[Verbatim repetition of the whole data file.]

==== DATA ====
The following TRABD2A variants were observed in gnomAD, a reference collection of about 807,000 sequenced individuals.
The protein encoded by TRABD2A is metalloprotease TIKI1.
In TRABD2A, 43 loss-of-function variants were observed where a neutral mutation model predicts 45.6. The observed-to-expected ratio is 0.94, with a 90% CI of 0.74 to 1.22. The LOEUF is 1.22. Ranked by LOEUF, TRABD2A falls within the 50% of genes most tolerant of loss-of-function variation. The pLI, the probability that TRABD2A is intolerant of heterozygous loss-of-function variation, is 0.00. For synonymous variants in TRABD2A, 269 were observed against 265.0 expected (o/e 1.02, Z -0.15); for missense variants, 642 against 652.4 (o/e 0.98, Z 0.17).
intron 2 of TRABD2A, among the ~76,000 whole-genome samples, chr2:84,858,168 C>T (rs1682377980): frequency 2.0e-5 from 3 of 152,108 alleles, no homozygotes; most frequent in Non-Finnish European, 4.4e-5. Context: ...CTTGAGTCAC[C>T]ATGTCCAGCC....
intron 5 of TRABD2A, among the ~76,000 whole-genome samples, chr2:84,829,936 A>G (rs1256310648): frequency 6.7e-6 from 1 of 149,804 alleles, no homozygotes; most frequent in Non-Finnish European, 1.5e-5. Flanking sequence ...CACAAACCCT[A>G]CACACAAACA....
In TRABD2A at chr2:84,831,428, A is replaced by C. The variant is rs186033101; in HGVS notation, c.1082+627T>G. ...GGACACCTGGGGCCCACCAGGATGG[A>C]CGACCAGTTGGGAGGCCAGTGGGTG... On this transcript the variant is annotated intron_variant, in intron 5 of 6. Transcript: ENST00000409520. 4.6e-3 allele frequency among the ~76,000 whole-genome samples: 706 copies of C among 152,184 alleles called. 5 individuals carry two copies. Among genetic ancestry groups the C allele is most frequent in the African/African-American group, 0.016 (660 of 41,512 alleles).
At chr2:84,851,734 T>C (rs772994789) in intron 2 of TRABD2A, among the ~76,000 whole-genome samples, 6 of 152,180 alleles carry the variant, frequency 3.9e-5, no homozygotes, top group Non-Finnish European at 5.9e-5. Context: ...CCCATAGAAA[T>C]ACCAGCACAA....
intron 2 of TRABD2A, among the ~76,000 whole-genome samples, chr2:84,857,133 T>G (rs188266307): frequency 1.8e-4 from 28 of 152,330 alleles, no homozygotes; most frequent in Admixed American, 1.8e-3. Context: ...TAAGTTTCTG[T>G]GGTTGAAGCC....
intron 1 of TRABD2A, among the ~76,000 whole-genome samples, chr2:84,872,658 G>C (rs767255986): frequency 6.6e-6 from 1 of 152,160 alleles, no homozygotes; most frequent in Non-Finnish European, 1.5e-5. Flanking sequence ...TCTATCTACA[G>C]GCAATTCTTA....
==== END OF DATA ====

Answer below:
The following TRABD2A variants were observed in gnomAD, a reference collection of about 807,000 sequenced individuals.
The protein encoded by TRABD2A is metalloprotease TIKI1.
In TRABD2A, 43 loss-of-function variants were observed where a neutral mutation model predicts 45.6. The observed-to-expected ratio is 0.94, with a 90% CI of 0.74 to 1.22. The LOEUF is 1.22. Ranked by LOEUF, TRABD2A falls within the 50% of genes most tolerant of loss-of-function variation. The pLI, the probability that TRABD2A is intolerant of heterozygous loss-of-function variation, is 0.00. For synonymous variants in TRABD2A, 269 were observed against 265.0 expected (o/e 1.02, Z -0.15); for missense variants, 642 against 652.4 (o/e 0.98, Z 0.17).
intron 2 of TRABD2A, among the ~76,000 whole-genome samples, chr2:84,858,168 C>T (rs1682377980): frequency 2.0e-5 from 3 of 152,108 alleles, no homozygotes; most frequent in Non-Finnish European, 4.4e-5. Context: ...CTTGAGTCAC[C>T]ATGTCCAGCC....
intron 5 of TRABD2A, among the ~76,000 whole-genome samples, chr2:84,829,936 A>G (rs1256310648): frequency 6.7e-6 from 1 of 149,804 alleles, no homozygotes; most frequent in Non-Finnish European, 1.5e-5. Flanking sequence ...CACAAACCCT[A>G]CACACAAACA....
In TRABD2A at chr2:84,831,428, A is replaced by C. The variant is rs186033101; in HGVS notation, c.1082+627T>G. ...GGACACCTGGGGCCCACCAGGATGG[A>C]CGACCAGTTGGGAGGCCAGTGGGTG... On this transcript the variant is annotated intron_variant, in intron 5 of 6. Transcript: ENST00000409520. 4.6e-3 allele frequency among the ~76,000 whole-genome samples: 706 copies of C among 152,184 alleles called. 5 individuals carry two copies. Among genetic ancestry groups the C allele is most frequent in the African/African-American group, 0.016 (660 of 41,512 alleles).
At chr2:84,851,734 T>C (rs772994789) in intron 2 of TRABD2A, among the ~76,000 whole-genome samples, 6 of 152,180 alleles carry the variant, frequency 3.9e-5, no homozygotes, top group Non-Finnish European at 5.9e-5. Context: ...CCCATAGAAA[T>C]ACCAGCACAA....
intron 2 of TRABD2A, among the ~76,000 whole-genome samples, chr2:84,857,133 T>G (rs188266307): frequency 1.8e-4 from 28 of 152,330 alleles, no homozygotes; most frequent in Admixed American, 1.8e-3. Context: ...TAAGTTTCTG[T>G]GGTTGAAGCC....
intron 1 of TRABD2A, among the ~76,000 whole-genome samples, chr2:84,872,658 G>C (rs767255986): frequency 6.6e-6 from 1 of 152,160 alleles, no homozygotes; most frequent in Non-Finnish European, 1.5e-5. Flanking sequence ...TCTATCTACA[G>C]GCAATTCTTA....